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Anecdotes on Revival Manifestations
Manifestations not always present
And as there has been no room for any plausible objection against this work, in regard of the means; so neither in regard of the manner in which it has been carried on. It is true, persons concern for their souls has been exceeding great, the convictions of their sin and misery have risen to a high degree, and produced many tears, cries, and groans: but then they have not been attended with those disorders, either bodily or mental, that have sometimes prevailed among persons under religious impressions. --There has here been no appearance of those convulsions, bodily agonies, frightful screaming, swooning, and the like, that have been so much complained of in some places; although there have been some who, with the jailer, have been made to tremble under a sense of their sin and misery, --numbers who have been made to cry out from a distressing view of their perishing state, --and some that have been, for a time, in a great measure, deprived of their bodily strength, yet without any such convulsive appearances.
David Brainerds Journal, General Remarks On Part First, Comment 5
Prostrations in Hebrides Revival
I have seen this happen over and over again during the recent movement in the Western Isles. Suddenly an awareness of God would take hold of a community, and, under the pressure of this divine presence, men and women would fall prostrate on the ground, while their cry of distress was made the means in God's hand, to awaken the indifferent who had set unmoved for years under the preaching of the gospel. p33.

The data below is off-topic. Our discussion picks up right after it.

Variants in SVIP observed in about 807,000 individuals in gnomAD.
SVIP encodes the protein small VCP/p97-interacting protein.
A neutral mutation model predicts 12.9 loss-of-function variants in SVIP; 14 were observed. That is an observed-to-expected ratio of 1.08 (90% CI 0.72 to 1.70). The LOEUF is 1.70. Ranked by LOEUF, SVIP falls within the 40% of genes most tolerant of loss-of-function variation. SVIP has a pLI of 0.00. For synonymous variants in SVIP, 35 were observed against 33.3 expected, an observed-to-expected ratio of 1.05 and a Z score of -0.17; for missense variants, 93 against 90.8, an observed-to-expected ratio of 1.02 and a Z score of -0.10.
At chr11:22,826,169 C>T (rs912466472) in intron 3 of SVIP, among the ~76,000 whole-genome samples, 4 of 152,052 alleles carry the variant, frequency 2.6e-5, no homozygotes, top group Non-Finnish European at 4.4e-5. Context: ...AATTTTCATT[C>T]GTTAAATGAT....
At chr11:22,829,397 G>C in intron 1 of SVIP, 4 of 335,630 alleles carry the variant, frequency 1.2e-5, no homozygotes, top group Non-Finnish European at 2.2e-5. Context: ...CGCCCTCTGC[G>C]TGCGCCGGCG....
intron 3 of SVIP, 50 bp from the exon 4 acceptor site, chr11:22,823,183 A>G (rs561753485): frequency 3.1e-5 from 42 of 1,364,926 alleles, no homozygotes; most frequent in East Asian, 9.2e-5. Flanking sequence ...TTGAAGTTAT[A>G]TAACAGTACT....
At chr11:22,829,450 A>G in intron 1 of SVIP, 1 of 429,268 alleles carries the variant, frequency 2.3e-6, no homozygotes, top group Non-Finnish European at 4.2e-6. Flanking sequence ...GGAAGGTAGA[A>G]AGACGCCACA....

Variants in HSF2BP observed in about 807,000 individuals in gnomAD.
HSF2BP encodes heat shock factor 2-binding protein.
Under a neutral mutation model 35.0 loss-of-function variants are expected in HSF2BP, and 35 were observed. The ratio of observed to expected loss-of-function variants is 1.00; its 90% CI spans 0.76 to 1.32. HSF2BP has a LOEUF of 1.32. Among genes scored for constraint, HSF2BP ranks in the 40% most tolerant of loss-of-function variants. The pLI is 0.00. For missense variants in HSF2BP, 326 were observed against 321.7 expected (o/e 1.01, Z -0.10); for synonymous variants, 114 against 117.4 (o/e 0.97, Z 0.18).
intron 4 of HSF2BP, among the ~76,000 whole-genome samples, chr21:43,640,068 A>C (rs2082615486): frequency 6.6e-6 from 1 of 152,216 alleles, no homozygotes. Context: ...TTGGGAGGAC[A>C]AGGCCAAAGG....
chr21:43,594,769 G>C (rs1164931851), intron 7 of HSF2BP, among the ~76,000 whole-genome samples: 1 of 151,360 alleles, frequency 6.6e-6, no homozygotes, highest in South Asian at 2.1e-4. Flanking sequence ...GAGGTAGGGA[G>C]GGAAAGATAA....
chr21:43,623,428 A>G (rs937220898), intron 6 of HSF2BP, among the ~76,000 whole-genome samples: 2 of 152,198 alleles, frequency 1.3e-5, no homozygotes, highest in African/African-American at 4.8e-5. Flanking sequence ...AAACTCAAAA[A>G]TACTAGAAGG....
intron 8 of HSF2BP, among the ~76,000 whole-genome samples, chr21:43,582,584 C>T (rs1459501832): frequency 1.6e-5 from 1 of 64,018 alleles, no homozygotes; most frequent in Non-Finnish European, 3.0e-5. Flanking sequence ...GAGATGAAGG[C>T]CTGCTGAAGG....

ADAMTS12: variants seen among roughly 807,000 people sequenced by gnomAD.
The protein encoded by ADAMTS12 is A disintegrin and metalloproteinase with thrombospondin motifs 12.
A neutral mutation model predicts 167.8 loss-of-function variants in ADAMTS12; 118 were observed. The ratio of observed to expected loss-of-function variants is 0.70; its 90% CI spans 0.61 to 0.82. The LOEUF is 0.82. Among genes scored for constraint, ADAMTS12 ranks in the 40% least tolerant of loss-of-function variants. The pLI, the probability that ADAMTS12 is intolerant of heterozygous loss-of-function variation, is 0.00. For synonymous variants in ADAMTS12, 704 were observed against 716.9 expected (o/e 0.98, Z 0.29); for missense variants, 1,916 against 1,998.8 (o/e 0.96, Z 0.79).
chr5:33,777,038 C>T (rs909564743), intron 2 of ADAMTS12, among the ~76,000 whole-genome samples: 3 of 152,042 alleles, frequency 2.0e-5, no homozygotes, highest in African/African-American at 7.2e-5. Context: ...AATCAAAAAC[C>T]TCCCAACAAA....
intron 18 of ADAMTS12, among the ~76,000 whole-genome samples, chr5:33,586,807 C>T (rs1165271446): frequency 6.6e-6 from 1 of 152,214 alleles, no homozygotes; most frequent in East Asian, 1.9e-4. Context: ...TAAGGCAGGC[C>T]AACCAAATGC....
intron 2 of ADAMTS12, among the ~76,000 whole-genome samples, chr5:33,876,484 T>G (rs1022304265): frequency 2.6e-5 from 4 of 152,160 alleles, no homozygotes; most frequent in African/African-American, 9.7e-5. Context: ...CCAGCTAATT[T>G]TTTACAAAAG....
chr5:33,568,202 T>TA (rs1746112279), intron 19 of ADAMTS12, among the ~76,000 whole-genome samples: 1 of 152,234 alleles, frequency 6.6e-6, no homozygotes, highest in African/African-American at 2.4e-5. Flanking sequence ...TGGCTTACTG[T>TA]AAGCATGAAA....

I have known men out in the fields, others at their weaving looms, so overcome by this sense of God that they were found prostrate on the ground..... Physical manifestations and prostrations have been a further feature. I find it somewhat difficult to explain this aspect, indeed I cannot; but this I will say, that the person who would associate this with satanic influence is coming perilously near committing the unpardonable sin. Lady Huntingdon on one occasion wrote to George Whitefield respecting cases of crying out and falling down in meetings, and advised him not to remove them from the meetings, as had been done. When this was done it seemed to bring a dampener on the meeting. She said, 'You are making a great mistake. Don't be wiser than God. Let them cry out; it will do a great deal more good than your preaching. p29-30
Duncan Campbell, The Lewis Awakening, 1949-1953, p29-30, 33
SI Moderator - Greg Gordon